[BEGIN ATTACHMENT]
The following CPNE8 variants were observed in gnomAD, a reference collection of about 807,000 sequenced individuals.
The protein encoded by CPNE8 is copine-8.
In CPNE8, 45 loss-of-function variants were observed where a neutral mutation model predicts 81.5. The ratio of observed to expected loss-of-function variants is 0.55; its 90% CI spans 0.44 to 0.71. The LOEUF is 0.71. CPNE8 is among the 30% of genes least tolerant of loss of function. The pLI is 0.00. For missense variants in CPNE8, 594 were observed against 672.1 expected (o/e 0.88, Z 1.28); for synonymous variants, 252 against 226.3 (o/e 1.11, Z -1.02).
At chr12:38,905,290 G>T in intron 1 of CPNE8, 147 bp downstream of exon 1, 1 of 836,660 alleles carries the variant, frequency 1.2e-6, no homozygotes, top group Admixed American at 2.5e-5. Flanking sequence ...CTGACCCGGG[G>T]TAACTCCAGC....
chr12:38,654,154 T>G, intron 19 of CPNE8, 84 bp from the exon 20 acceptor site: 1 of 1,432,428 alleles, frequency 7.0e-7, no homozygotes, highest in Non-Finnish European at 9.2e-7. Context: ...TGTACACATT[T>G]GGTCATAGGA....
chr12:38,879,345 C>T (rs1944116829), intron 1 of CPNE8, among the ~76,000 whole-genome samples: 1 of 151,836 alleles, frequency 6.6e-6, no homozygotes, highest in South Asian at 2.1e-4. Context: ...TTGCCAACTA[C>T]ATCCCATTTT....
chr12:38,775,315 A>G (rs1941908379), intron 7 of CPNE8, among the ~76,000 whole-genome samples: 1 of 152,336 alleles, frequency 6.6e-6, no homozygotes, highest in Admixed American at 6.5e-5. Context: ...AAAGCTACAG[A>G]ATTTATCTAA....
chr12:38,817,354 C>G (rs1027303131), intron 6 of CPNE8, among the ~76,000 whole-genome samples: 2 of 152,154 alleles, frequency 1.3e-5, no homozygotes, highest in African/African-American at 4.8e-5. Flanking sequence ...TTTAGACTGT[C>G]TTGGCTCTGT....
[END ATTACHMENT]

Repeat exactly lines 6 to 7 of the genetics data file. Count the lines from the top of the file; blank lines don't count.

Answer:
chr12:38,879,345 C>T (rs1944116829), intron 1 of CPNE8, among the ~76,000 whole-genome samples: 1 of 151,836 alleles, frequency 6.6e-6, no homozygotes, highest in South Asian at 2.1e-4. Context: ...TTGCCAACTA[C>T]ATCCCATTTT....
chr12:38,775,315 A>G (rs1941908379), intron 7 of CPNE8, among the ~76,000 whole-genome samples: 1 of 152,336 alleles, frequency 6.6e-6, no homozygotes, highest in Admixed American at 6.5e-5. Context: ...AAAGCTACAG[A>G]ATTTATCTAA....